We were able to come up with a much better parser that understands all the little details a unix cron command can handle. No recursion anymore. The code was backed up with more than 200 unit tests that even recognized and tested edge cases like summertime / wintertime switches - happy little details that occur in date calculations. Since that patch was merged in 2010, only a bit of coding style adoptions and other cosmetics have been applied to this code area. There has not been a single substantial bugfix till this day. Written once, it works for years. The point is, this would never have been possible without proper unit tests.
Rewriting this code area and backing it up with unit tests was totally worth it. Sufficient test coverage with unit testing put an end to seemingly non-stop bug fixing sessions and fixed things once and for all. It was this special experience that made me a strong believer of unit testing. The TYPO3 core team has made unit testing an integral part of the workflow patterns we use in daily procedures and this has made things easier to handle and our work more enjoyable.
Unit testing in TYPO3’s core is based on a programmer-oriented testing framework: PHPUnit. The basic configuration file “UnitTests.xml” defines basic phpunit parameters. A pretty short TYPO3 specific bootstrap is referenced there to calculate some base paths and to initialize the class loader. After that, PHPUnit takes over, finds the tests and executes them. It should be noted that as little as possible is our best practice when it comes to bootstrapping: LocalConfiguration.php is not read, there is no database connection and the system does not know which extensions are active. Isolating the unit tests helps avoid unwanted side effects.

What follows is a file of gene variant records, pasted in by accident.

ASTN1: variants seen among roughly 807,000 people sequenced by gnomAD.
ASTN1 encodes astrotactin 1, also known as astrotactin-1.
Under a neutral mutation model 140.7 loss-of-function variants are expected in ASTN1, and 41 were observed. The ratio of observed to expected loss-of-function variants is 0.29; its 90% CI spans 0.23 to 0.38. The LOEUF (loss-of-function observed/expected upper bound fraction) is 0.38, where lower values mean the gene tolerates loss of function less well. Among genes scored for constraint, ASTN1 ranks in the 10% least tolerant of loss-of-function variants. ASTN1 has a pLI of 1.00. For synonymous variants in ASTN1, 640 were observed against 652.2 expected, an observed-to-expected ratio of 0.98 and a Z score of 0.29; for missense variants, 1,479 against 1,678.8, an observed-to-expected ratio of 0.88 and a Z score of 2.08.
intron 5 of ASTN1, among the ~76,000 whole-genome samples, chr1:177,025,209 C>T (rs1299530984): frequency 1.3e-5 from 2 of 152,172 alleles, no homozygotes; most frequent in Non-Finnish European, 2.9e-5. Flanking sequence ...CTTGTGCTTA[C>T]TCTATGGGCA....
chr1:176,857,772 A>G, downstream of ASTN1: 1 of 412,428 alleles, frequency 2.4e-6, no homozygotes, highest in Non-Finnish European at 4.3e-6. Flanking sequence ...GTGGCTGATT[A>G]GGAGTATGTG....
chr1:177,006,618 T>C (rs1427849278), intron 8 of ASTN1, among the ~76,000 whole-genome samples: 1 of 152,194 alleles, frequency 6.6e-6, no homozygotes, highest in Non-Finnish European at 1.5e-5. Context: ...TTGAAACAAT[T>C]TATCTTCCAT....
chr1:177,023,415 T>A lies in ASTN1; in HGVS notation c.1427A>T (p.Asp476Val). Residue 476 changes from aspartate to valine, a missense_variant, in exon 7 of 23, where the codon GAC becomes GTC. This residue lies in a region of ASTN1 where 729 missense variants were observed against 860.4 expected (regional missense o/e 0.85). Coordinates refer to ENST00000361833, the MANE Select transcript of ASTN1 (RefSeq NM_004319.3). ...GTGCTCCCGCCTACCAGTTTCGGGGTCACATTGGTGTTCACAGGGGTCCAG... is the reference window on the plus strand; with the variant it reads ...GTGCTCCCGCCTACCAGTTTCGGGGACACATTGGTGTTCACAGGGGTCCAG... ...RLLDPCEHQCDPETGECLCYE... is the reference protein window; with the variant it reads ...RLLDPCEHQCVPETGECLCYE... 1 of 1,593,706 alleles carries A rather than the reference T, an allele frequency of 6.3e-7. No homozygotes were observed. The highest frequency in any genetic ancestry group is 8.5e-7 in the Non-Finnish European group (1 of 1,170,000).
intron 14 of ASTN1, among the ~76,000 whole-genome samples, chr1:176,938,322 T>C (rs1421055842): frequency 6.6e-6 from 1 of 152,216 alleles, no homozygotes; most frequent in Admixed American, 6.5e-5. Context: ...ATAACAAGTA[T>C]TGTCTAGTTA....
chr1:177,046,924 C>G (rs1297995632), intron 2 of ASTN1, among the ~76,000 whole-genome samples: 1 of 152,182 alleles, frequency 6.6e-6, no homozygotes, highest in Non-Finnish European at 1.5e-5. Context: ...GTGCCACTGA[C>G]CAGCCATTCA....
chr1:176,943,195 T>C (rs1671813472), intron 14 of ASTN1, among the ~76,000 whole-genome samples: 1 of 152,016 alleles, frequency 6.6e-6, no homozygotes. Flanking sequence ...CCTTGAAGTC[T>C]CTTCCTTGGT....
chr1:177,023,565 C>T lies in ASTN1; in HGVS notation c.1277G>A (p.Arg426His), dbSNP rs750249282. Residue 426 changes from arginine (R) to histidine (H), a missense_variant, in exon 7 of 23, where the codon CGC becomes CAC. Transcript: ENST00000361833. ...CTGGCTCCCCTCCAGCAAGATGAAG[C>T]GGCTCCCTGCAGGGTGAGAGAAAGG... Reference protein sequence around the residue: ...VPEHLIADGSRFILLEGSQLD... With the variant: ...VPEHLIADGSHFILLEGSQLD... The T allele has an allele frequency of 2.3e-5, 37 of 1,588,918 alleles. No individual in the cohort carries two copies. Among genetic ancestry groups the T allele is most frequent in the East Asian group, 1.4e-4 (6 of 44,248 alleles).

Executing all 9,000 core unit tests is relatively quick: A decent machine easily handles them in less than a minute.
However, executing them once per patch set is not enough in Bamboo: TYPO3 v8 currently supports the two major PHP versions 7.0 and 7.1, so we execute all unit tests on both platforms. And yes, while developers sometimes do have the pleasure of experiencing the “green bar feeling” (meaning that all tests results are green), this certainly isn’t always the case. Sometimes the 7.0 tests are green while the 7.1 test turns out to be red - or the other way round. Translated into English this means: go back, fix bugs and rerun the tests till all results are green.
Additionally, the TYPO3 core has a long standing problem with global scope and state that is hidden in static class properties. This makes it difficult to track side effects between single tests. For example, test number 162 may set a state somewhere and not clean up properly, and then test number 6893 relies on that state. It’s always a hassle to track down stuff like that. A mid-range goal of the TYPO3 core team is to rule out these state issues in one way or the other. Until that happens, we’ll continue using a simple workaround to ensure that unit tests are free of such side effects: their order is shuffled during execution.
In the example above, if the test at former position 6893 is randomly executed before the test at former position 162, it would fail. We configured four additional unit test jobs to execute tests in random order. The result is very favourable indeed. Since they’ve been added to our working procedure, we haven’t had any annoying side-effect bugs within the unit tests anymore - at least not in merged code.
Unit tests cover a single unit (e.g. one method). In our next article on testing TYPO3’s core, we'll be focussing on functional tests, which is a quality assurance process whereby the system is tested against the functional requirements and specifications. The functional test environment of the TYPO3 core allows in-depth testing of complex data manipulation scenarios.